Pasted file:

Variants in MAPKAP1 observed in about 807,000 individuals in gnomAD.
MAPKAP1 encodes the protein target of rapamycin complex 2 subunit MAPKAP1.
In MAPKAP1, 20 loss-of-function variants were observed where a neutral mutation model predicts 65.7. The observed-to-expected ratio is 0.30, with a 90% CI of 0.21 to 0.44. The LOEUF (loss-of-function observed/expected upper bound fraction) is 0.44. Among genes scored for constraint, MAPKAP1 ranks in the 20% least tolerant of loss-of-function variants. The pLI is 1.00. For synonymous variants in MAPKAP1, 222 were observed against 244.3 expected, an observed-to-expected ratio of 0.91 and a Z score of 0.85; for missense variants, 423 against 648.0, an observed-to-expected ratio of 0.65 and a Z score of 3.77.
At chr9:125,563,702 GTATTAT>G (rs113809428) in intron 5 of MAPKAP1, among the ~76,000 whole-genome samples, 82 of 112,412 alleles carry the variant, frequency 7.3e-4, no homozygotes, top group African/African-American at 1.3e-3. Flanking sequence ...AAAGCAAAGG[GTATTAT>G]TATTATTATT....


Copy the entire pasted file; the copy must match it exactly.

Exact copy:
Variants in MAPKAP1 observed in about 807,000 individuals in gnomAD.
MAPKAP1 encodes the protein target of rapamycin complex 2 subunit MAPKAP1.
In MAPKAP1, 20 loss-of-function variants were observed where a neutral mutation model predicts 65.7. The observed-to-expected ratio is 0.30, with a 90% CI of 0.21 to 0.44. The LOEUF (loss-of-function observed/expected upper bound fraction) is 0.44. Among genes scored for constraint, MAPKAP1 ranks in the 20% least tolerant of loss-of-function variants. The pLI is 1.00. For synonymous variants in MAPKAP1, 222 were observed against 244.3 expected, an observed-to-expected ratio of 0.91 and a Z score of 0.85; for missense variants, 423 against 648.0, an observed-to-expected ratio of 0.65 and a Z score of 3.77.
At chr9:125,563,702 GTATTAT>G (rs113809428) in intron 5 of MAPKAP1, among the ~76,000 whole-genome samples, 82 of 112,412 alleles carry the variant, frequency 7.3e-4, no homozygotes, top group African/African-American at 1.3e-3. Flanking sequence ...AAAGCAAAGG[GTATTAT>G]TATTATTATT....